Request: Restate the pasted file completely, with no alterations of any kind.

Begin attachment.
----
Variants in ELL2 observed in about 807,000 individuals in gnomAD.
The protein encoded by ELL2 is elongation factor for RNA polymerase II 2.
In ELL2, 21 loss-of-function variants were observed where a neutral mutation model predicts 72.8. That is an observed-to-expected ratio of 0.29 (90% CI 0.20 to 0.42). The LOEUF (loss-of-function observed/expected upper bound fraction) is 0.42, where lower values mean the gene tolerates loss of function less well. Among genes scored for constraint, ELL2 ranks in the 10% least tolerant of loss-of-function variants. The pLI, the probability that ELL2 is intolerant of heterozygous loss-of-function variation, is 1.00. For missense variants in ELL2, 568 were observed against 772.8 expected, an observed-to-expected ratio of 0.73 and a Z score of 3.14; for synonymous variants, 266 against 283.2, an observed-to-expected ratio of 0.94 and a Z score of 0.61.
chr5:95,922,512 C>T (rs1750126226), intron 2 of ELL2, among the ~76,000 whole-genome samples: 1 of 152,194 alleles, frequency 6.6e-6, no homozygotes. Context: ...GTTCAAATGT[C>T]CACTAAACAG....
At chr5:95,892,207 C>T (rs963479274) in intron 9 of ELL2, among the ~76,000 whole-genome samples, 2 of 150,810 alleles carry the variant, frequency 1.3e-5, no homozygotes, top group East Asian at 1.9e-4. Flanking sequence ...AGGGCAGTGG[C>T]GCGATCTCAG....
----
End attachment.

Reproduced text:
Variants in ELL2 observed in about 807,000 individuals in gnomAD.
The protein encoded by ELL2 is elongation factor for RNA polymerase II 2.
In ELL2, 21 loss-of-function variants were observed where a neutral mutation model predicts 72.8. That is an observed-to-expected ratio of 0.29 (90% CI 0.20 to 0.42). The LOEUF (loss-of-function observed/expected upper bound fraction) is 0.42, where lower values mean the gene tolerates loss of function less well. Among genes scored for constraint, ELL2 ranks in the 10% least tolerant of loss-of-function variants. The pLI, the probability that ELL2 is intolerant of heterozygous loss-of-function variation, is 1.00. For missense variants in ELL2, 568 were observed against 772.8 expected, an observed-to-expected ratio of 0.73 and a Z score of 3.14; for synonymous variants, 266 against 283.2, an observed-to-expected ratio of 0.94 and a Z score of 0.61.
chr5:95,922,512 C>T (rs1750126226), intron 2 of ELL2, among the ~76,000 whole-genome samples: 1 of 152,194 alleles, frequency 6.6e-6, no homozygotes. Context: ...GTTCAAATGT[C>T]CACTAAACAG....
At chr5:95,892,207 C>T (rs963479274) in intron 9 of ELL2, among the ~76,000 whole-genome samples, 2 of 150,810 alleles carry the variant, frequency 1.3e-5, no homozygotes, top group East Asian at 1.9e-4. Flanking sequence ...AGGGCAGTGG[C>T]GCGATCTCAG....